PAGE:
I found myself writing about the social skills of scientists today for the book-in-progress (something I’ve done here before), and how they’re portrayed in the media, so of course I had to drop in a reference to “The Big Bang Theory.” Jim Parsons’s portrayal of Sheldon Cooper pretty much nails down one of the extremes of the “socially inept scientist” axis, the borderline autistic genius who can’t comprehend normal social interactions, but still won’t shut up. The other extreme, of course, is occupied by Paul Dirac, who famously almost never spoke.
“The Big Bang Theory” is an endless source of controversy within physics, over whether its popularity is a net benefit to science, or whether it just perpetuates bad stereotypes. I’m not a huge fan of the show, mostly because it’s too sitcom-y, but I lean to the “net positive” side– the characters are stereotypical nerds, but they’re also unquestionably the heroes of the piece. You’re pushed (in very unsubtle ways) to root for Leonard in particular, but all of the nerd characters, and I think that’s probably a good thing, in the end. There’s vehement disagreement about this point, though, and I don’t feel strongly enough about it to really argue for one side or the other.
Defenses of the show often turn around the things it gets right, in particular the use of terminology and the equations on the whiteboards in the background of many of the sets. These are supplied by David Saltzberg, a physicist at UCLA, who consults with the show on science issues (sadly, his blog about the show hasn’t been updated in ages). They also make use of a lot of promotional materials from the American Physical Society’s outreach program for set dressing, which is cool.
In thinking about social skills in science, though, it occurred to me that there’s another thing they get right that isn’t as frequently mentioned, which is the essentially social nature of science. The individual characters are a little too solitary in their own research activities (they all appear to be postdocs in different labs, with no other postdocs or graduate students on their research projects), but one of the stock settings of the show is a university cafeteria (shown in the featured image above, which I got from this USA Today image gallery), where the characters have lunch and occasionally discuss the problems they’re working on.
This sort of socialization is an under-appreciated part of the practice of science. Most labs and departments that I’ve worked in have this kind of informal lunch group, where people working on related projects tend to eat together, and sometimes bat ideas around. The frequency and degree of formality varies a lot from place to place– when I was at NIST the laser cooling group used to go to the cafeteria en masse every day, often ending up with 10-15 people at a table in the courtyard. At Yale, it wasn’t quite as regular, but I used to go to the School of Management dining hall fairly regularly with the students and post-docs from another of the projects in my boss’s lab. And when I visit other labs or universities, there’s almost always a lunch with a range of faculty who eat together regularly.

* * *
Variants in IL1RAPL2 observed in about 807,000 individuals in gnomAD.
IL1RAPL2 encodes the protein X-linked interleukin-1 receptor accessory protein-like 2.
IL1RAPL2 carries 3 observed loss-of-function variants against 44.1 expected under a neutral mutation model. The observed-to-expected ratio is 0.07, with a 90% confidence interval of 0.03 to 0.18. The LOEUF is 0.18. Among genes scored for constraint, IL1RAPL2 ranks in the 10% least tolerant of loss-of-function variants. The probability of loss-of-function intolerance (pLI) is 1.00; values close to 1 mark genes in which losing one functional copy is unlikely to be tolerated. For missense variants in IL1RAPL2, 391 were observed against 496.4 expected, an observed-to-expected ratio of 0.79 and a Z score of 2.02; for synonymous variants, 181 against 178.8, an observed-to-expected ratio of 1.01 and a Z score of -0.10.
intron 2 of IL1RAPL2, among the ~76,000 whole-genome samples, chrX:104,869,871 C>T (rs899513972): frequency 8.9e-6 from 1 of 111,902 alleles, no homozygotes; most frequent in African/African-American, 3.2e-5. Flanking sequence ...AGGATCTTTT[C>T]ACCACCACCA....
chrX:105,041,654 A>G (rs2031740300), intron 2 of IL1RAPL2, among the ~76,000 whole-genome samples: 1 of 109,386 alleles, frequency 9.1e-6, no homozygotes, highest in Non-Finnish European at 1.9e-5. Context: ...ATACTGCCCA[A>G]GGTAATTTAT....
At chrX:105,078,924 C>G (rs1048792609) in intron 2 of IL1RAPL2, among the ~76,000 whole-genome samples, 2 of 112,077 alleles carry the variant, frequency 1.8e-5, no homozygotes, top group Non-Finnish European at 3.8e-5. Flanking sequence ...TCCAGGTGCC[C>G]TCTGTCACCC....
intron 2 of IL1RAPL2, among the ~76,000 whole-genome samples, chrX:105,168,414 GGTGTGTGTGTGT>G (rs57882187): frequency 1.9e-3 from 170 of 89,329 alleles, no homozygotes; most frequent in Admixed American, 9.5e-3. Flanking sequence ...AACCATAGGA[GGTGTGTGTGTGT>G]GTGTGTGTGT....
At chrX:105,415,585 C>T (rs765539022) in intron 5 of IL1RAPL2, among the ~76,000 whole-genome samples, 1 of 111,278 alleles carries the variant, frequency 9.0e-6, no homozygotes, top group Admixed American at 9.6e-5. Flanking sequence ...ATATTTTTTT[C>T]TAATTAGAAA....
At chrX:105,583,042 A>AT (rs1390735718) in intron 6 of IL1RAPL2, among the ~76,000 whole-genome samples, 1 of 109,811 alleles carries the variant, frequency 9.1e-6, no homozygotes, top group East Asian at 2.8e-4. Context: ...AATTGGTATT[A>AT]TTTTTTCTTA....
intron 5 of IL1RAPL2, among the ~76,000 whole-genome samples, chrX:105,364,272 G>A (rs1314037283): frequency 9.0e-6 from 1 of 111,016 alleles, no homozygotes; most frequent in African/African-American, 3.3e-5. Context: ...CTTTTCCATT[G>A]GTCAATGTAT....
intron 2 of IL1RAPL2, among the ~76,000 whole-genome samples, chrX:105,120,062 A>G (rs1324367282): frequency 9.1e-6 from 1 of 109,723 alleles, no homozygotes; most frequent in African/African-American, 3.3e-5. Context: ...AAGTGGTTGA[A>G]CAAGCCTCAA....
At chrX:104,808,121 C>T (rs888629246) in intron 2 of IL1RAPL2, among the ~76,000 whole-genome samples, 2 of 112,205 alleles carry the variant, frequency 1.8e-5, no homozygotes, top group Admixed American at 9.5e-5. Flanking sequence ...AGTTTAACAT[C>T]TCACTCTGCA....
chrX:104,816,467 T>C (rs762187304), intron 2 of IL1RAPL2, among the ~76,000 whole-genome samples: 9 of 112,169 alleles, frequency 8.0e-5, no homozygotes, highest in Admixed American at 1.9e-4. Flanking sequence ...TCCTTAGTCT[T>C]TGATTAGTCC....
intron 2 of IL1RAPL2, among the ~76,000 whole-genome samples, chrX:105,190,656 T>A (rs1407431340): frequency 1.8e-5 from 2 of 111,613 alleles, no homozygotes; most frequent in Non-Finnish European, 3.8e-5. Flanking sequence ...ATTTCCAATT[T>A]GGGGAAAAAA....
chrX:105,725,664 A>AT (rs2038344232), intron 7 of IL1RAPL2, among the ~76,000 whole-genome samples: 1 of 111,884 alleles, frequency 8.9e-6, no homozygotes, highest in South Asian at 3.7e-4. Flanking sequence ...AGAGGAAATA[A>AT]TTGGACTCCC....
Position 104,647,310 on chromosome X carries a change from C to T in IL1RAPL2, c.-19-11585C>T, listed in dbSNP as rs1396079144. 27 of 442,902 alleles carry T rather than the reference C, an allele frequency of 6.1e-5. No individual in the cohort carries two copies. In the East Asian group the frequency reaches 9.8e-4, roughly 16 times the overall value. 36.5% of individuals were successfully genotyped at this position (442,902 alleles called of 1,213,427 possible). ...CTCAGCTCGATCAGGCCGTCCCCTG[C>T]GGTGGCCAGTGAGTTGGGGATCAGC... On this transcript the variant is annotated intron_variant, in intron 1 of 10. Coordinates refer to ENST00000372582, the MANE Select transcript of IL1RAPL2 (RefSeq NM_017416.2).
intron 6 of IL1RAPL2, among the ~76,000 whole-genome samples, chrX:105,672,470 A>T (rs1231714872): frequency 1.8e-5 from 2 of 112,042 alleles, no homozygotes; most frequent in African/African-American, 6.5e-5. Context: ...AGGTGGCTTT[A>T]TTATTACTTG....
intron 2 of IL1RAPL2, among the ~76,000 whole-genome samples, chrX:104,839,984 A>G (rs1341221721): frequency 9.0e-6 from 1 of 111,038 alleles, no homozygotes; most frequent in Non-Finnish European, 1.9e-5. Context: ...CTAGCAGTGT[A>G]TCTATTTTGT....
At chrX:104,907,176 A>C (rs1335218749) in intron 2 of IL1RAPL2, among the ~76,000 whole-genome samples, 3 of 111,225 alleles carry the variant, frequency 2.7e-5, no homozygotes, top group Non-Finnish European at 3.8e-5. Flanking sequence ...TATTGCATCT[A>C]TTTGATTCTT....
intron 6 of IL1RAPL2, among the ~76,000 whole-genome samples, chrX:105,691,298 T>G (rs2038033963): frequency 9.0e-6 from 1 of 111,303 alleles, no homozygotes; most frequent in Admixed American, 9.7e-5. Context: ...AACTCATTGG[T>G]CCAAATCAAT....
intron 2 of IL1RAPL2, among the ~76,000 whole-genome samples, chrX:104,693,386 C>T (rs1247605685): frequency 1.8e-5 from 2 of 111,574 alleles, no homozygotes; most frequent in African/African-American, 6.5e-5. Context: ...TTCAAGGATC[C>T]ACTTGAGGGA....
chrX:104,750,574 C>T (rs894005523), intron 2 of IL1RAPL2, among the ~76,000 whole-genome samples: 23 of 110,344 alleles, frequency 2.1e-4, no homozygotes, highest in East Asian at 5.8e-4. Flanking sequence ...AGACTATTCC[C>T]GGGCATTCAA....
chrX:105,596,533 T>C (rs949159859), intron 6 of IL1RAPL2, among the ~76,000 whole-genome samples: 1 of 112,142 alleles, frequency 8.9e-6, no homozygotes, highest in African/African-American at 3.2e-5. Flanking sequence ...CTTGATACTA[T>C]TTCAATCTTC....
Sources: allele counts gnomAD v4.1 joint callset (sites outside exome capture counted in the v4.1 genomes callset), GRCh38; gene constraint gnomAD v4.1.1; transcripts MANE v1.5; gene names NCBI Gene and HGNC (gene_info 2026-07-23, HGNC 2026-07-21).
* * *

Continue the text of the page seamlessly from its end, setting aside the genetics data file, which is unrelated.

These informal lunches can often prove useful beyond providing calories and commiseration– on several occasions, talking about work at lunch has provided crucial information or advice. Somebody who isn’t as close to a particular problem may suggest a different approach that will prove fruitful, or they may have experience with a particular bit of equipment (“Oh, yeah, those laser mounts are utter crap. Use this other kind instead.”) or software. A couple of times at NIST, vexing issues were solved by a chance mention of a bug in the LabView program that controlled most of the experiments in the group, which came up at lunch one day early in my grad school career, and remembering that conversation saved me a lot of work down the road.
And it occurred to me that whatever you may think about the portrayal of the “Big Bang Theory” characters in their interactions with people from outside the scientific fold, they do a pretty good job with the internal interactions. The characters aren’t socially adept in the usual sense, but they have a clear social group, with fairly realistic dynamics, and within their own little world, they’re pretty good. Other than Sheldon, of course, but that’s why he’s interesting.
I don’t really have any deeper point than noting that this stuff belongs in the category of things that the show gets right. And also using the slightly deceptive post title, which you should imagine as a tribute to Jim Parsons as Sheldon unsuccessfully insisting on a particular emphasis in the team name “The Wesley Crushers.”